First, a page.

Investments in Britain cut by half by EU businesses due to Brexit

While businesses are left in the air with the implications of Britain leaving the EU, more than half pull out investment in the UK

Investments in Britain cut by half by EU businesses due to Brexit

The possibility of the UK leaving the EU raises multiple questions and has undoubtedly caused a lot of uncertainty for firms that do business in the UK. If prime minister Theresa May has her way, by next year Britain will leave the single market and the customs union. Even though May assures a “free and frictionless deal,” European companies are reassessing their long-term investments in Britain, fearful of how Brexit might affect trade across the bloc.

Two years since the referendum, nearly half of 800 business executives surveyed across six EU countries by Baker McKenzie, a law firm, said their businesses had reduced investment in the UK since the Brexit vote, reported by Reuters. The survey said that three out of four bosses insisted that Brussels and Britain should strike a better trade deal and develop a smoother relationship before March 2019. 

Encouraginly, 96% of those surveyed said trade was more important than teaching London a lesson for Brexit while 45% were in favour of a customs union.

However, investment is not the only thing that Britain will lose after leaving the EU. On June 21, Airbus, an aircraft company based in France, issued a warning which said that if Britain was to depart from the EU without a transition agreement, it would lead to “severe disruption and interruption of UK production” hence putting more than 14,000 jobs at risk.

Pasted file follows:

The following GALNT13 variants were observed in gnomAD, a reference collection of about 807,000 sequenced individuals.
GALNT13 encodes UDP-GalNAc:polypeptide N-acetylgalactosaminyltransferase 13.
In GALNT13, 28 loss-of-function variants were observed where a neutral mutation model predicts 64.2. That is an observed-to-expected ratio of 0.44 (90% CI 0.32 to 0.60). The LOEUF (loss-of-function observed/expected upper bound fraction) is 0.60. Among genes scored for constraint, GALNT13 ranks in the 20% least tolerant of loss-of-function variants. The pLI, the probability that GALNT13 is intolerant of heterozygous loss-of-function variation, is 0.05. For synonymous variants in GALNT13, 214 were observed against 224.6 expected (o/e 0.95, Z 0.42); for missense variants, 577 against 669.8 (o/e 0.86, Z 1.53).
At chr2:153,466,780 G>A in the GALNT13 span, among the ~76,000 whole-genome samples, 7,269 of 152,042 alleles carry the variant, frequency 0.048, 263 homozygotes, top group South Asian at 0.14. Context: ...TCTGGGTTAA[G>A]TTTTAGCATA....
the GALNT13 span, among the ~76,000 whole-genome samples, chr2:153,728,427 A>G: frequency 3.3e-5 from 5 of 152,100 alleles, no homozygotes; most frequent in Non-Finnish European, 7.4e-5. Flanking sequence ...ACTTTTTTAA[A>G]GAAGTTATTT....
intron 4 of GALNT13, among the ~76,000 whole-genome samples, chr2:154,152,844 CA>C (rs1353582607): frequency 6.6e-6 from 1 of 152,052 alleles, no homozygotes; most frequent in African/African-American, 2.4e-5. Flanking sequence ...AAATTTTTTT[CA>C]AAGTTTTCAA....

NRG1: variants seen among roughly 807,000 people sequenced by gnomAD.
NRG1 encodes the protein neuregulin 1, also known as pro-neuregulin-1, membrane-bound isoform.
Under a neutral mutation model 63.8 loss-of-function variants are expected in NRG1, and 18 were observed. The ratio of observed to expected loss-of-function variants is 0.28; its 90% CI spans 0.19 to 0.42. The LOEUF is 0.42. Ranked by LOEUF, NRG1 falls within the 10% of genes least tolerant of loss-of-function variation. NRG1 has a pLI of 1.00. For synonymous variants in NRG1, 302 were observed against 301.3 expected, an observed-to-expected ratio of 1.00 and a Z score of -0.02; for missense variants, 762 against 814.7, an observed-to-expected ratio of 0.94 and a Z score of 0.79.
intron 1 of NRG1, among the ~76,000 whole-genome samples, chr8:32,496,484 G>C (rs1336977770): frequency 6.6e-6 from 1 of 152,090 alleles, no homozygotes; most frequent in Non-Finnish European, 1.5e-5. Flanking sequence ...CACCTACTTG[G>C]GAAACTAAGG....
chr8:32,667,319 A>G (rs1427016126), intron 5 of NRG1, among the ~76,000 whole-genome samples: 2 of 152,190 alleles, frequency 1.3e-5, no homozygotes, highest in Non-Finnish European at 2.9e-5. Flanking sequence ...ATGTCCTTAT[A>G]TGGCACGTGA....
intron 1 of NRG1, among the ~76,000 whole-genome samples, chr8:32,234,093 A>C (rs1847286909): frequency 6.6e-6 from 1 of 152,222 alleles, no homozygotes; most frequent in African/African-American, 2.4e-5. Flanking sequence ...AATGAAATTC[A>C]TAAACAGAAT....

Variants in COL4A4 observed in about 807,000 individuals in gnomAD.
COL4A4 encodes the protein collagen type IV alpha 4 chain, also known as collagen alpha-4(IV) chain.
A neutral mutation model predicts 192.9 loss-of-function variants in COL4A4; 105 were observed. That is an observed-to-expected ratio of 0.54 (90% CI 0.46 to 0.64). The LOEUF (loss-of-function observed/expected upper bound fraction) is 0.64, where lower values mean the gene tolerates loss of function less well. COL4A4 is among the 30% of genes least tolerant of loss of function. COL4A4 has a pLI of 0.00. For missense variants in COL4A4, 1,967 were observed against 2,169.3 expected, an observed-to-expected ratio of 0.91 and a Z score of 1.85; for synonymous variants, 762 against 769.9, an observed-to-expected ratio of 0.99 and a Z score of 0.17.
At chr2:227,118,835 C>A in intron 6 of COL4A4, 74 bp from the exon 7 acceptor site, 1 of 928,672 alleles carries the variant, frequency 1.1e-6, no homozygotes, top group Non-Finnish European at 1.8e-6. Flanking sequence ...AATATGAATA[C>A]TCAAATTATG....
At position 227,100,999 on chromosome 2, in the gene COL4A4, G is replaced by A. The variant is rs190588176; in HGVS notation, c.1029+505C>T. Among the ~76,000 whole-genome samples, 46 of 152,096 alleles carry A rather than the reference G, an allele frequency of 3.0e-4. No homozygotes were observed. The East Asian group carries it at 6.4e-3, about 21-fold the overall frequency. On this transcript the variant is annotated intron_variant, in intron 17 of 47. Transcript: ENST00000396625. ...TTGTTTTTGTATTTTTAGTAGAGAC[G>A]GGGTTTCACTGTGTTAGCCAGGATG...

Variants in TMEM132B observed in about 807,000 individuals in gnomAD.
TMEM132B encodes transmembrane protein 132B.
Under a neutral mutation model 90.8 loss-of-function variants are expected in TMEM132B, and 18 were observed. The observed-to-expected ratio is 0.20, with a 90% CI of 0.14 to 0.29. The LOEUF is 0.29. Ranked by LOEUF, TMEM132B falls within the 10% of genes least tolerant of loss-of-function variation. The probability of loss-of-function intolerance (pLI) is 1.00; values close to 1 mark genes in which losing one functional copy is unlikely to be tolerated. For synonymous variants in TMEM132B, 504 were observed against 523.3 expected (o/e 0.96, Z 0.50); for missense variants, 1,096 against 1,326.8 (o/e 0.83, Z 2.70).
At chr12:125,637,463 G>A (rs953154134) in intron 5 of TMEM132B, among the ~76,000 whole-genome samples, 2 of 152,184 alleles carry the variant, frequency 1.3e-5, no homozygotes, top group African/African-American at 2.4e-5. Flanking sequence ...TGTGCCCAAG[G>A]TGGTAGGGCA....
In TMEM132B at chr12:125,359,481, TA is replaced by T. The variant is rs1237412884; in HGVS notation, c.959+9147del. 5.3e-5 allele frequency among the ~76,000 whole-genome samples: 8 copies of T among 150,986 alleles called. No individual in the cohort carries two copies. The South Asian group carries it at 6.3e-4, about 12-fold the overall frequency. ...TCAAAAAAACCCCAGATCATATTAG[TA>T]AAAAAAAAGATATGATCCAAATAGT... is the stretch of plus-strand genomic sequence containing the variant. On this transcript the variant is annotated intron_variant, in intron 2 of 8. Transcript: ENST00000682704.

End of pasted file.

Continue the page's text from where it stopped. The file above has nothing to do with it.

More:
And the aerospace giant, isn’t the only company issuing a warning like that. Just a day after Airbus’ announcment, BMW, automobile company, which employs 8,000 people in the UK, hinted that it could axe UK operations due to lack of clarity. 

Commenting on the uncertainty surrounding the divorce bill, Anahita Thoms, a trade partner at Baker & McKenzie, said: “It’s very clear that, especially German companies, think that Brexit is bad for business.” 

As London and Brussels squabble over the terms of their divorce, there is little agreement on how a no deal Brexit will affect the country’s economy. The question remains whether will it cause recession or financial freedom. 

Varsha Saraogi
Varsha Saraogi

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